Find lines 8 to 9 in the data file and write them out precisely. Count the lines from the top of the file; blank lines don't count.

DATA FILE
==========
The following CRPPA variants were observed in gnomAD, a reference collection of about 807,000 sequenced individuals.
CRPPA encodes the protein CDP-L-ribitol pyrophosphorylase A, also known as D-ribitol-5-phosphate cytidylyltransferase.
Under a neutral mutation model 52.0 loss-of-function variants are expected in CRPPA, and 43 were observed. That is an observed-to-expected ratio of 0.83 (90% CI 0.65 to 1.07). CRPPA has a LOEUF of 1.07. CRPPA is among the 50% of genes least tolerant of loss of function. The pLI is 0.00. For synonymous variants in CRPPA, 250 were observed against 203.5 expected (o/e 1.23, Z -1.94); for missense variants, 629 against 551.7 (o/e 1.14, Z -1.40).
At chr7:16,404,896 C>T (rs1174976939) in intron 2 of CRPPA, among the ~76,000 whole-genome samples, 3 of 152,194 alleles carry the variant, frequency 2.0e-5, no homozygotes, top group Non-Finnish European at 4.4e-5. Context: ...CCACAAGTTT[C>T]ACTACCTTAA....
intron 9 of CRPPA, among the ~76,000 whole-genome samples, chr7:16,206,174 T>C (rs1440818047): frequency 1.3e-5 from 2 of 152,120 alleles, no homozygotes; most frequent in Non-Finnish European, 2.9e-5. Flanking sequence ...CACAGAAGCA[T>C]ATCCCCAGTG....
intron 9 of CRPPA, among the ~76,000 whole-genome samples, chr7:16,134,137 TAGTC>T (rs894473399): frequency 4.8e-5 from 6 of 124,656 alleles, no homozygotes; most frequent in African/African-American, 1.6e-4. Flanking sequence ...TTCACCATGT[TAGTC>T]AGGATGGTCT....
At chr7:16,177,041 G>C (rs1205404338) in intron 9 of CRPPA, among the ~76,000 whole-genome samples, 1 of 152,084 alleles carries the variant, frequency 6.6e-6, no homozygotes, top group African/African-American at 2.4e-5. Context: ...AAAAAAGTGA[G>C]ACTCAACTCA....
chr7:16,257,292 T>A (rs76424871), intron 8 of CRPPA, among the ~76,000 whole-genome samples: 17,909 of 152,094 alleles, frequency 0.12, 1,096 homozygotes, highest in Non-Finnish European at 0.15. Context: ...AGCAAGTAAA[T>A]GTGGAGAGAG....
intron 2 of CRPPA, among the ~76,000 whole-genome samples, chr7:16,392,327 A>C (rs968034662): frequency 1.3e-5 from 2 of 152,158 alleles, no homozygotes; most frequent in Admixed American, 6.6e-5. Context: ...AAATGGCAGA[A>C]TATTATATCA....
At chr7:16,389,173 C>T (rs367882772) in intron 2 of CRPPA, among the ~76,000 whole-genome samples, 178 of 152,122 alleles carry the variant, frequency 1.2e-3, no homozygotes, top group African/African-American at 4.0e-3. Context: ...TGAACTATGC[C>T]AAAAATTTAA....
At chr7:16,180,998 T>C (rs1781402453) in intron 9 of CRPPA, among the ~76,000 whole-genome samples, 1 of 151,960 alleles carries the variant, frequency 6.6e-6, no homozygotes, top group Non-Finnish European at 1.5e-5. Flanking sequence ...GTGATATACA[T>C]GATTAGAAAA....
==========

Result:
chr7:16,257,292 T>A (rs76424871), intron 8 of CRPPA, among the ~76,000 whole-genome samples: 17,909 of 152,094 alleles, frequency 0.12, 1,096 homozygotes, highest in Non-Finnish European at 0.15. Context: ...AGCAAGTAAA[T>A]GTGGAGAGAG....
intron 2 of CRPPA, among the ~76,000 whole-genome samples, chr7:16,392,327 A>C (rs968034662): frequency 1.3e-5 from 2 of 152,158 alleles, no homozygotes; most frequent in Admixed American, 6.6e-5. Context: ...AAATGGCAGA[A>C]TATTATATCA....